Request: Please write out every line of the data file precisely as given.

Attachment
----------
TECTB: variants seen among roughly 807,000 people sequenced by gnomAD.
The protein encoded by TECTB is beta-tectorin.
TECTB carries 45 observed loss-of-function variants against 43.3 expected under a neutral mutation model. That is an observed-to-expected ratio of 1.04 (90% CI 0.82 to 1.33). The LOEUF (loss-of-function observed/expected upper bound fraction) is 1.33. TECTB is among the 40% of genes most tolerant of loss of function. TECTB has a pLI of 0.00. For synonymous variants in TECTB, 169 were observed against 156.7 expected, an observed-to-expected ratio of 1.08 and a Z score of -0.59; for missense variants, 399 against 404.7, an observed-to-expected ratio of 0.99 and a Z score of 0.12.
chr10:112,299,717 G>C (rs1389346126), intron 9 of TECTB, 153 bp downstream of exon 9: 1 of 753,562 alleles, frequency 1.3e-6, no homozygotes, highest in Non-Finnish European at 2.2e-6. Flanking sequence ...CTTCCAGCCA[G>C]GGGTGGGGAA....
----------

TECTB: variants seen among roughly 807,000 people sequenced by gnomAD.
The protein encoded by TECTB is beta-tectorin.
TECTB carries 45 observed loss-of-function variants against 43.3 expected under a neutral mutation model. That is an observed-to-expected ratio of 1.04 (90% CI 0.82 to 1.33). The LOEUF (loss-of-function observed/expected upper bound fraction) is 1.33. TECTB is among the 40% of genes most tolerant of loss of function. TECTB has a pLI of 0.00. For synonymous variants in TECTB, 169 were observed against 156.7 expected, an observed-to-expected ratio of 1.08 and a Z score of -0.59; for missense variants, 399 against 404.7, an observed-to-expected ratio of 0.99 and a Z score of 0.12.
chr10:112,299,717 G>C (rs1389346126), intron 9 of TECTB, 153 bp downstream of exon 9: 1 of 753,562 alleles, frequency 1.3e-6, no homozygotes, highest in Non-Finnish European at 2.2e-6. Flanking sequence ...CTTCCAGCCA[G>C]GGGTGGGGAA....